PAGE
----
Popular Media and Communication: Essays on Publics, Practices and Processes
This collection of essays has its origins in the MeCCSA 2007 conference held in Coventry in January that year. Like most edited volumes which emerge from conference contexts, this one comprises a richly diverse set of original papers which span the various themes and topics which together make up the fascinating field of media and communication. The book is broadly divided into four sections: media/public; media workers and professional identity; media industries and policy concerns; and political communication. The first section looks at the transformation of the private and public spheres through new technologies, and the phenomenon and implications of audience-mediated genres such as reality TV. The second part of the book looks at media practice from the point of view of both content and the self-policing of professional norms. The third part considers media policy including gender issues within the Scottish creative industries, and the history and future of the BBC charter. The last section looks a political communication and essays here are concerned with elite political rhetoric, together with a consideration of the internet’s impact on political activism. The editors believe that, within the wide-ranging subject matter our authors have considered, a common theme emerges. This is the way in which contemporary communication acts are structured by a number of closely related forces; capital, technology, social norms, resistive practices and gendered subjectivity all contribute to the production of public meaning.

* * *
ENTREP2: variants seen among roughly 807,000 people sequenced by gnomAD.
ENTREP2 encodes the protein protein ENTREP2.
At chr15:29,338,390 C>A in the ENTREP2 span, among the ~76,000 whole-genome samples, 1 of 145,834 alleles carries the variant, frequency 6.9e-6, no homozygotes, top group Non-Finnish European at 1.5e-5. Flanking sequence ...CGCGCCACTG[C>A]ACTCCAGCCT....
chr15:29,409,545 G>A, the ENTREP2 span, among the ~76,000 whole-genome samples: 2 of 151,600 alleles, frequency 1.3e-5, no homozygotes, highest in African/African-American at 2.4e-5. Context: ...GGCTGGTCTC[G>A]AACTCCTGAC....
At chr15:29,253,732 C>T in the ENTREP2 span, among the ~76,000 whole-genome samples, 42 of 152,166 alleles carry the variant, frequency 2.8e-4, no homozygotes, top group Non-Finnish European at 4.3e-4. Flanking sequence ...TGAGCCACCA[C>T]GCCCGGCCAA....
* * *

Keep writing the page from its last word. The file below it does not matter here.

Karen Ross is Professor of Media and Public Communication in the School of Politics and Communication at the University of Liverpool, UK. Her most recent books include: Rethinking Media Education: Critical Pedagogy and Identity Politics (edited, w Anita Nowak and Sue Abel - 2007); Women and Media: A Critical Introduction (w Carolyn Byerly - 2006); Gender and Newsroom Practice (edited, w Marjan de Bruin - 2004); Media and Audiences: Critical Perspectives (w Virginia Nightingale - 2003).
Stuart Price is Principal Lecturer in Media and Cultural Production, and Research Associate, International Cultural Planning and Policy Unit, De Montfort University, UK. Published articles and book chapters include pieces on modern Greek politics, speech-act theory and the Delphic oracle, and an analysis of press coverage of the Stockwell shooting. Political studies include ‘Brute Reality’, a study of war and rhetoric (in Barker, 2006), and ‘Missiles in Athens, Tanks at Heathrow’ which appeared in the journal Social Semiotics (2007).
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